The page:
We were having grilled chicken, steamed green beans, and salad for dinner the other night when Speedracer came over and asked me to make some broccoli for him because he doesn’t like green beans or salad. Now, he’s not known for liking broccoli either! But while planting the garden a few weeks ago he told me that “this year I’m going to eat this broccoli” and I guess he meant it. Not wanting to waste the opportunity to get my 5-item-eater to add something to his picky palate, I handed him a knife and told him to go cut some from the garden and he could steam it for himself in the micro-cooker.
And friends–HE DID!
We’ve been planting a small garden his entire life. He’s helped (in some form or fashion) every year since he could walk. And he’s NEVER eaten any vegetable we’ve ever grown except lettuce. So I’m not about to suggest that growing their own food will turn all picky eaters around. But I will say that I think the cycle of work–reward–work–reward–work–reward might have finally gotten through to him and he wants a bite of those hard earned rewards for himself after all that sweat equity!
Which brings me to my post today.
Busy momma, tired momma, momma that wants all the good things for her children but feels totally overwhelmed by the Pinterest-beautiful world we live in–today I want to remind you that there’s nothing wrong with crooked rows!
Your backyard garden doesn’t have to look like the pages of BHG or Countryside Magazine. It doesn’t have to look like the Lowes commercials or the photoshopped cover of the latest crunchy-momma lifestyle book on Amazon.
It can be messy and still feed your family!
The plants can be a little too close together, weeds can be sprouting around the edges, the fence can be a little wobbly and the tomato cages a little rusty (or a lot rusty!)…and you’re still growing food.
Throughout our farming adventure, I have often let perfectionism defeat me and get the better of my gardening–Ok, ok, let’s be honest with each other. MY LIFE. I have often let perfectionism get in the way of my LIFE.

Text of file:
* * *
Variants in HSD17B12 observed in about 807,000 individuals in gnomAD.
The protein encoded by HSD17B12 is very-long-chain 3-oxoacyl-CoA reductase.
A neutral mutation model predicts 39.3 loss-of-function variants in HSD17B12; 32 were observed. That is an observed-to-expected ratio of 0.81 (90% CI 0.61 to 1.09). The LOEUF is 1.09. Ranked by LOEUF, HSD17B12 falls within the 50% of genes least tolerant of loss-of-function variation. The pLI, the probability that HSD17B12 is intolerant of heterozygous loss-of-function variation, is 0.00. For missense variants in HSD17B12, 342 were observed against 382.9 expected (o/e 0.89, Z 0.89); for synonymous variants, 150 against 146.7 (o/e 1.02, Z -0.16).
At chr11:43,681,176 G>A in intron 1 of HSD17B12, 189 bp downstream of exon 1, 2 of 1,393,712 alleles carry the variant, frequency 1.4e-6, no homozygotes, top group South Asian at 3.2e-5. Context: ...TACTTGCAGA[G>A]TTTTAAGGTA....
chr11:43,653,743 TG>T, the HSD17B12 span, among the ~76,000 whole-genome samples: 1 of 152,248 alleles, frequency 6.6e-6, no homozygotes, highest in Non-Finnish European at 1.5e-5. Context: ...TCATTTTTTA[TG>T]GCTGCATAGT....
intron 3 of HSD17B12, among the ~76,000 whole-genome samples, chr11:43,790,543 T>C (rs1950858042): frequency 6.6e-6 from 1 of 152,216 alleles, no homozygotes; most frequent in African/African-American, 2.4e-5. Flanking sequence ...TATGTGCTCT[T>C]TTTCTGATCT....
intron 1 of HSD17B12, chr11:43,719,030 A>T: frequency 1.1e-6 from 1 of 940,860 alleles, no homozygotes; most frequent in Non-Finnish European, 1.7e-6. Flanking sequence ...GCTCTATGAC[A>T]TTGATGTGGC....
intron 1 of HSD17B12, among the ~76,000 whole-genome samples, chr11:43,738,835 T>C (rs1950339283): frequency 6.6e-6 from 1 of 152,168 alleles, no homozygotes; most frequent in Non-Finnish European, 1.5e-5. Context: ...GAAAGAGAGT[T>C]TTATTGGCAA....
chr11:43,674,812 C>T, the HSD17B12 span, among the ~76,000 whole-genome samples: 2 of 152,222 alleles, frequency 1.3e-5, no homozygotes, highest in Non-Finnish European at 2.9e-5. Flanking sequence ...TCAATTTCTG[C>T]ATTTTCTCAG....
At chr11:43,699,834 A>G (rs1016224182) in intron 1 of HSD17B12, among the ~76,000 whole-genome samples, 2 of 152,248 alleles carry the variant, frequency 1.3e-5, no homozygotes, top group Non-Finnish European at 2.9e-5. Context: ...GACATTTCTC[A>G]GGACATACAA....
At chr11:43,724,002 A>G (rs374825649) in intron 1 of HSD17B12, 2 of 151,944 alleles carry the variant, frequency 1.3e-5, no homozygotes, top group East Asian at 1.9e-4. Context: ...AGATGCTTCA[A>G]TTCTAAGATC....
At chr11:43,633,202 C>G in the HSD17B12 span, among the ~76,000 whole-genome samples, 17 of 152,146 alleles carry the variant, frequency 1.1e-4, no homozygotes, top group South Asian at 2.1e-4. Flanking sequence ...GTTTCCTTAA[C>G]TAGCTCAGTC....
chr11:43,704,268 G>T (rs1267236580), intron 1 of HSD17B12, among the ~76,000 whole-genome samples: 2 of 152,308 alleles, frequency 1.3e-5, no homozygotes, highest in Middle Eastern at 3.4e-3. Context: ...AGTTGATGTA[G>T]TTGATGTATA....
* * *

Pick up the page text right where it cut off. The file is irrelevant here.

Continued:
I’ve given up and let the weeds take over. They practically have anyway, right? A storm comes through and breaks my beautiful tomatoes and instead of binding and re-staking and letting them grow crooked, I just shrug and walk away. Squash bugs invade my patch and instead of doing battle with the little beasties and eking out what harvest we can, I groan about the disaster to my plans and let the whole patch whither.
But momma, there’s nothing wrong with crooked rows if it means your helpers enjoyed helping you!
There’s nothing wrong with a few weeds if it means you don’t dread heading out to the gardening chores.Who needs a Pinterest-perfect garden. You need love, laughter, FAMILY. There's nothing wrong with… Click To Tweet
There’s nothing wrong with a few chew holes in the leaves if you still get a harvest.
And there’s nothing wrong with a small harvest if it means you spent hours working and learning together!
I read a quote once that said: The farm is ALWAYS bigger than the man. There’s just no point in which you’ve got a handle on everything and it’s all figured out and there’s not a project or pile of work to be done somewhere that you just can’t get to.
I think that’s life in general.
Motherhood and farming (and gardening for sure!) have taught me that it’s better to give yourself a big, heaping, higher-than-our-compost-pile, dose of GRACE than it is to just give in and give up.
Our kids are loving the gardening this year. (Minus a few misadventures in the mud!) And I think that’s partly because I’ve finally loosened up on my “vision” for the garden and am enjoying it too. I’m letting them be involved from start to finish. I’m letting them help make decisions, use the tools without constant direction, and letting them carry out the directions without constant correction.
Because the goal is not perfectly straight, perfectly weeded, perfectly mulched rows.
The goal is food and family.
The goal is learning and growing.
The goal is smiles. From all of us.
Are you struggling with letting go, and letting them grow? I know I do! I’m learning that given the right technique, they’ll grow into the matching skills eventually. In the meantime, honest effort is what we’re striving for.
Be sure to take a look at our Tips for Success in the Family Garden and Letting Kids into Every Step of the Garden for more ideas and inspiration. And sign up for our newsletter to get a FREE copy of our Family Garden Planting Worksheet for your own family garden planning!